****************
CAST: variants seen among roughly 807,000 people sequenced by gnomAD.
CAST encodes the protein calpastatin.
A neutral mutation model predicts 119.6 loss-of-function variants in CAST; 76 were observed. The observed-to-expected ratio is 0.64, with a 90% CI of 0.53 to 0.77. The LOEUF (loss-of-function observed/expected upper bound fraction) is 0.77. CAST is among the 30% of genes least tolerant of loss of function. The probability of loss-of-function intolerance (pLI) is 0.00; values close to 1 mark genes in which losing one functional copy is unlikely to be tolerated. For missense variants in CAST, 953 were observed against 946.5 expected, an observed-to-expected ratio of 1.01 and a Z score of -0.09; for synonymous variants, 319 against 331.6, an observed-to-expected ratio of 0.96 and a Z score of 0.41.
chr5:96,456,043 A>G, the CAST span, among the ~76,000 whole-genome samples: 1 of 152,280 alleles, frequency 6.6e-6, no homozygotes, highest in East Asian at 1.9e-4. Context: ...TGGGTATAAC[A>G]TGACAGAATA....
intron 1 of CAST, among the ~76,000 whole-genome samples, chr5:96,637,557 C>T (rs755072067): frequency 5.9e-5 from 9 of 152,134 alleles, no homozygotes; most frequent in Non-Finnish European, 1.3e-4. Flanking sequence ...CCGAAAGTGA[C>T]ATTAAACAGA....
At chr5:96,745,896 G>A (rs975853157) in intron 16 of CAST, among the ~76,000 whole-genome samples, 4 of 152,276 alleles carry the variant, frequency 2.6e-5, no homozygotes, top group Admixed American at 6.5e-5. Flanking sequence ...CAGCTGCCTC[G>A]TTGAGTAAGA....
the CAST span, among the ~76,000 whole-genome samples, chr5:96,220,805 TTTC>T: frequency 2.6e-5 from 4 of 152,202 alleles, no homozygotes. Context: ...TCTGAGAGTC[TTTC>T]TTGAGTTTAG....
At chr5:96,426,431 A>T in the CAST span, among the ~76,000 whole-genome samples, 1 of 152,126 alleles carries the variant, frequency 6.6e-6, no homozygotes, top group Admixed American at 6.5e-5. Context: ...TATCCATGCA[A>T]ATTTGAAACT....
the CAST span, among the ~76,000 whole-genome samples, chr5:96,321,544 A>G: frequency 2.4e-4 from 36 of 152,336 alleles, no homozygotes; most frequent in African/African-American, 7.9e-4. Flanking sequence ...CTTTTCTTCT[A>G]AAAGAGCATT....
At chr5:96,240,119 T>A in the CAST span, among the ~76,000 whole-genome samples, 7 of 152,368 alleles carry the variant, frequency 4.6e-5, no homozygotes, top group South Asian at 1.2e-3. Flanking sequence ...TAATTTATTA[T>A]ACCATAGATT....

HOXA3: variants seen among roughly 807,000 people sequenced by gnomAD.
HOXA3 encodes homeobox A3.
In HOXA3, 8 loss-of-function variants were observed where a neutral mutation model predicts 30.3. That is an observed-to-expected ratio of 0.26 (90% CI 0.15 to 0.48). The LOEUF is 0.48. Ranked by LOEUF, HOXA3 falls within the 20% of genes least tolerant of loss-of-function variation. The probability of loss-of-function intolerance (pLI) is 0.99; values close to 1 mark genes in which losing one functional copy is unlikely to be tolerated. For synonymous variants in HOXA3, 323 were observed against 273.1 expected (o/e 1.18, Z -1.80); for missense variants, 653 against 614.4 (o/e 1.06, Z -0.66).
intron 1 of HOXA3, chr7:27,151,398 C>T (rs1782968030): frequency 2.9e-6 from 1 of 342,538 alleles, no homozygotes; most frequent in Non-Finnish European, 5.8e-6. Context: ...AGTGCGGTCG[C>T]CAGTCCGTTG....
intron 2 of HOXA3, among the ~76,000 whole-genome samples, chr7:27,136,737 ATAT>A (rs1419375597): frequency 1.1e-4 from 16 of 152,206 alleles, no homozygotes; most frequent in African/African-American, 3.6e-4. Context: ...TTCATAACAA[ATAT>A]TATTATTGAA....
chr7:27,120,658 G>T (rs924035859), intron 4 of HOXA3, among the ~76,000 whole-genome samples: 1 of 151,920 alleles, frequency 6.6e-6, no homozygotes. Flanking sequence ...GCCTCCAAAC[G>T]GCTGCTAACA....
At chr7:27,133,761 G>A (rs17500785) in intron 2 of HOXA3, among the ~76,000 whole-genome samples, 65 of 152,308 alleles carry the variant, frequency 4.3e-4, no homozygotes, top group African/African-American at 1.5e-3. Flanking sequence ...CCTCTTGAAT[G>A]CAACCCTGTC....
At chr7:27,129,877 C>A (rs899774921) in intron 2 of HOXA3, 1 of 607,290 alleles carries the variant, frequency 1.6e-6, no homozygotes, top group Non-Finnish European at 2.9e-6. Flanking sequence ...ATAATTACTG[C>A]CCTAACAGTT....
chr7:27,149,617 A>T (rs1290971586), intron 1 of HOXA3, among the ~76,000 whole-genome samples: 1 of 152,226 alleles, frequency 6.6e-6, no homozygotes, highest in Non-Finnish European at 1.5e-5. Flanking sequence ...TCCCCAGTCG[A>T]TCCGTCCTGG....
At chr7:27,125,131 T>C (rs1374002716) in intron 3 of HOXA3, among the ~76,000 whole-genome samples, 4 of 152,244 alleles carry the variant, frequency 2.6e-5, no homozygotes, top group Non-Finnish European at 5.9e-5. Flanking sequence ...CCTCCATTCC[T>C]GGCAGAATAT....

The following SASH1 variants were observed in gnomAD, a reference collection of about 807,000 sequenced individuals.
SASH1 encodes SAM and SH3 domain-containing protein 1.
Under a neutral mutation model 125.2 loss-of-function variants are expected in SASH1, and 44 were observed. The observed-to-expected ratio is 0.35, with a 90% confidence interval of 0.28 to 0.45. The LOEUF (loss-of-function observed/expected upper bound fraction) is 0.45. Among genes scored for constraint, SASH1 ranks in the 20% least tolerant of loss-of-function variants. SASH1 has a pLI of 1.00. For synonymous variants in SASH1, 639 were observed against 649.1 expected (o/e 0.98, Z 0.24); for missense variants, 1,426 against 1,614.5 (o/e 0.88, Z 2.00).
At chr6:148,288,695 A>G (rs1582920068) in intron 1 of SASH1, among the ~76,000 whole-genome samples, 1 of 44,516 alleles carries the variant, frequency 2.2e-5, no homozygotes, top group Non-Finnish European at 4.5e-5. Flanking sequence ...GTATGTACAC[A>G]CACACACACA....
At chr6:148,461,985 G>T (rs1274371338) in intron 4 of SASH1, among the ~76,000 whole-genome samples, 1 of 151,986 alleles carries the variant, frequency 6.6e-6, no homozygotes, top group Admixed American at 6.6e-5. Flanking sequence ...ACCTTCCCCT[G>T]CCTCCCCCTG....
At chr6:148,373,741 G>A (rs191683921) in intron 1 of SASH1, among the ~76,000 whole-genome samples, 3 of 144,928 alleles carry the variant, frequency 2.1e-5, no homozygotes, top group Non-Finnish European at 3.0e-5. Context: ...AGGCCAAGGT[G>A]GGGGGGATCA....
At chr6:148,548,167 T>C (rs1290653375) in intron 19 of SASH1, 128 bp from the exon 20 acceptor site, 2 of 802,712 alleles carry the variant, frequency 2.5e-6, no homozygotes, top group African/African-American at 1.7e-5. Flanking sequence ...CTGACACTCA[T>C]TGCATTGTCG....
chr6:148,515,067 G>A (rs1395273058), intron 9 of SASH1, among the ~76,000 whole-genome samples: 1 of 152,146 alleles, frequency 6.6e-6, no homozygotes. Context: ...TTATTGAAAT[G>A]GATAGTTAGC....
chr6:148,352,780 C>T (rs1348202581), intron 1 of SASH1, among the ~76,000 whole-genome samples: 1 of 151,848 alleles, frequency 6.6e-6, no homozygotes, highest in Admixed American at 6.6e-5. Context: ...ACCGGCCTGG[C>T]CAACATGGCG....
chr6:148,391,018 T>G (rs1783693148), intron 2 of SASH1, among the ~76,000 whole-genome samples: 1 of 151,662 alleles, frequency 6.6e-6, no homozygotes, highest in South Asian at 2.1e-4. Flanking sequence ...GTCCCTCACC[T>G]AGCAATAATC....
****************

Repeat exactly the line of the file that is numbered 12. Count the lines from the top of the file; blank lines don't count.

HOXA3 encodes homeobox A3.